FPI/ August 11, 2019
Three gun-control bills passed by the Democrat-controlled state House and state Senate were vetoed by New Hampshire Gov. Chris Sununu, a Republican.
The legislation included expanded background checks, a three-day waiting period on gun purchases, and a ban on carrying a gun on school property for self-defense.
“These three bills would not solve our national issues nor would they prevent evil individuals from doing harm, but they would further restrict the constitutional rights of law-abiding New Hampshire citizens.” Sununu said in a statement.
House Republican Leader Richard Hinch supported the governor’s veto, saying it was a rejection of “an unnecessary attempt to solve a problem that doesn’t exist in [New Hampshire].”
New Hampshire Republicans accused Democrats of exploiting the tragedies in El Paso and Dayton for political gain by sending the gun-control bills to the governor after the shootings. The state Senate passed the bills in May and the State House in June.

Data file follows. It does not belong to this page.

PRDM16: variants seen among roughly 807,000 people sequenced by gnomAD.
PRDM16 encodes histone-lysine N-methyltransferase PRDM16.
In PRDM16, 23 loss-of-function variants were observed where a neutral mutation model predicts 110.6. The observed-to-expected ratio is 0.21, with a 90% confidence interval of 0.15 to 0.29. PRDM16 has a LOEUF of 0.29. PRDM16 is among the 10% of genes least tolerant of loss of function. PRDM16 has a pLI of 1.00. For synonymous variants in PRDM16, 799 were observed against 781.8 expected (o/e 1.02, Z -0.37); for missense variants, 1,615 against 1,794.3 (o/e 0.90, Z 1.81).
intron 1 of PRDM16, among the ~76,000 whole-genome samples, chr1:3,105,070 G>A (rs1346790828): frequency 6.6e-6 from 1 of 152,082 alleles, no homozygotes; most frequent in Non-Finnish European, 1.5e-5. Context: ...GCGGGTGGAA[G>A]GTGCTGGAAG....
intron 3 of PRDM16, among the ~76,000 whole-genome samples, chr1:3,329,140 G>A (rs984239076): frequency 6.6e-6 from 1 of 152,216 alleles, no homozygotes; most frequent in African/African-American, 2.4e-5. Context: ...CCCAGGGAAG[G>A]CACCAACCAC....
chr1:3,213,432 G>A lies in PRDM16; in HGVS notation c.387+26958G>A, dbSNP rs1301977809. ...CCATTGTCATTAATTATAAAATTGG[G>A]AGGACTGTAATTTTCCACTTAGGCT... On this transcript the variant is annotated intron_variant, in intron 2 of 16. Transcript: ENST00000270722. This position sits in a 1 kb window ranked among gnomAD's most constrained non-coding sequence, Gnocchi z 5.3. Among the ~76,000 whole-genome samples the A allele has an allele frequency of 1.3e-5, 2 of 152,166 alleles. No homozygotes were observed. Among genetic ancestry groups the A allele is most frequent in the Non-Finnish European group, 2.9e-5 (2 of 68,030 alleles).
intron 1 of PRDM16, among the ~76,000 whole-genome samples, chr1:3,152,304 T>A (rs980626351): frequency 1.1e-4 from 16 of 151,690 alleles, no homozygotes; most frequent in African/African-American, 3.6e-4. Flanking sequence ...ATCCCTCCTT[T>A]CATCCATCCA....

New Hampshire GOP spokesman Joe Sweeney said the bills “lingered” on the Democratic leaders’ desks since June 27 while 150 other bills were sent to the governor. He accused Democrats of a “shameful and disgusting exploitation of a national tragedy.”
State Senate President Donna Soucy said in a statement: “Thoughts and prayers have never been enough. In memory and honor of more than 30 people killed by gun violence this weekend, today I signed a package of gun violence prevention bills and delivered them to Gov. Sununu for his consideration.”
In his statement, Sununu said: “The New Hampshire Constitution states ‘All persons have the right to keep and bear arms in defense of themselves, their families, their property and the state.’ This language provides what many believe to be more expansive legal protections for gun ownership than the Second Amendment to the United States Constitution.”
A Morning Consult poll published in July found that Sununu, with an approval rating at 65 percent, is the third most popular governor in America.
Free Press International